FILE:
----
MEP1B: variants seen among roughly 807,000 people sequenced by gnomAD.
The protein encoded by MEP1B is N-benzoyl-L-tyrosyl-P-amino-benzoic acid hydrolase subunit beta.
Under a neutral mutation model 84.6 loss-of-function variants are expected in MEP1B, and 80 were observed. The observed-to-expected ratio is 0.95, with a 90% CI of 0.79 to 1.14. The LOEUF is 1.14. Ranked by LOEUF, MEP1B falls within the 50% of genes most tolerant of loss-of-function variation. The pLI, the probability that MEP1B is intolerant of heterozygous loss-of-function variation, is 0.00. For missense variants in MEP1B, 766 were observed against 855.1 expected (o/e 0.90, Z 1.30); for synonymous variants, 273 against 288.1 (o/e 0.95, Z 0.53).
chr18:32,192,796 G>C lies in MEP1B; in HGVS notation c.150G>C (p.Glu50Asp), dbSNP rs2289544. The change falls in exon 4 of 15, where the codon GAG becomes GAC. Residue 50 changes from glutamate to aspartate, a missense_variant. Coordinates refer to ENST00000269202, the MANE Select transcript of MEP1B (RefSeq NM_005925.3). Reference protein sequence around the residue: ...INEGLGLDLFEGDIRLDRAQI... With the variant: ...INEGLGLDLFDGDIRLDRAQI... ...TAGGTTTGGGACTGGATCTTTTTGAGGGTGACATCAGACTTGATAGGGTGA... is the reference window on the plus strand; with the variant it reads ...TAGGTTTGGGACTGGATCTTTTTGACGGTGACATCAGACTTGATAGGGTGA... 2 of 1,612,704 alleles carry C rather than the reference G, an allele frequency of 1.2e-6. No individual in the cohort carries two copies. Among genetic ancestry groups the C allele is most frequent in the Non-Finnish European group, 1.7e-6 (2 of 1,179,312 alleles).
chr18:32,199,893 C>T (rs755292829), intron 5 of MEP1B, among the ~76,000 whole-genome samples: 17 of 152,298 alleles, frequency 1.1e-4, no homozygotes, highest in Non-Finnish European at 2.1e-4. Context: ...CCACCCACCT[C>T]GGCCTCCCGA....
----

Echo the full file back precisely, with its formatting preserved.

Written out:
MEP1B: variants seen among roughly 807,000 people sequenced by gnomAD.
The protein encoded by MEP1B is N-benzoyl-L-tyrosyl-P-amino-benzoic acid hydrolase subunit beta.
Under a neutral mutation model 84.6 loss-of-function variants are expected in MEP1B, and 80 were observed. The observed-to-expected ratio is 0.95, with a 90% CI of 0.79 to 1.14. The LOEUF is 1.14. Ranked by LOEUF, MEP1B falls within the 50% of genes most tolerant of loss-of-function variation. The pLI, the probability that MEP1B is intolerant of heterozygous loss-of-function variation, is 0.00. For missense variants in MEP1B, 766 were observed against 855.1 expected (o/e 0.90, Z 1.30); for synonymous variants, 273 against 288.1 (o/e 0.95, Z 0.53).
chr18:32,192,796 G>C lies in MEP1B; in HGVS notation c.150G>C (p.Glu50Asp), dbSNP rs2289544. The change falls in exon 4 of 15, where the codon GAG becomes GAC. Residue 50 changes from glutamate to aspartate, a missense_variant. Coordinates refer to ENST00000269202, the MANE Select transcript of MEP1B (RefSeq NM_005925.3). Reference protein sequence around the residue: ...INEGLGLDLFEGDIRLDRAQI... With the variant: ...INEGLGLDLFDGDIRLDRAQI... ...TAGGTTTGGGACTGGATCTTTTTGAGGGTGACATCAGACTTGATAGGGTGA... is the reference window on the plus strand; with the variant it reads ...TAGGTTTGGGACTGGATCTTTTTGACGGTGACATCAGACTTGATAGGGTGA... 2 of 1,612,704 alleles carry C rather than the reference G, an allele frequency of 1.2e-6. No individual in the cohort carries two copies. Among genetic ancestry groups the C allele is most frequent in the Non-Finnish European group, 1.7e-6 (2 of 1,179,312 alleles).
chr18:32,199,893 C>T (rs755292829), intron 5 of MEP1B, among the ~76,000 whole-genome samples: 17 of 152,298 alleles, frequency 1.1e-4, no homozygotes, highest in Non-Finnish European at 2.1e-4. Context: ...CCACCCACCT[C>T]GGCCTCCCGA....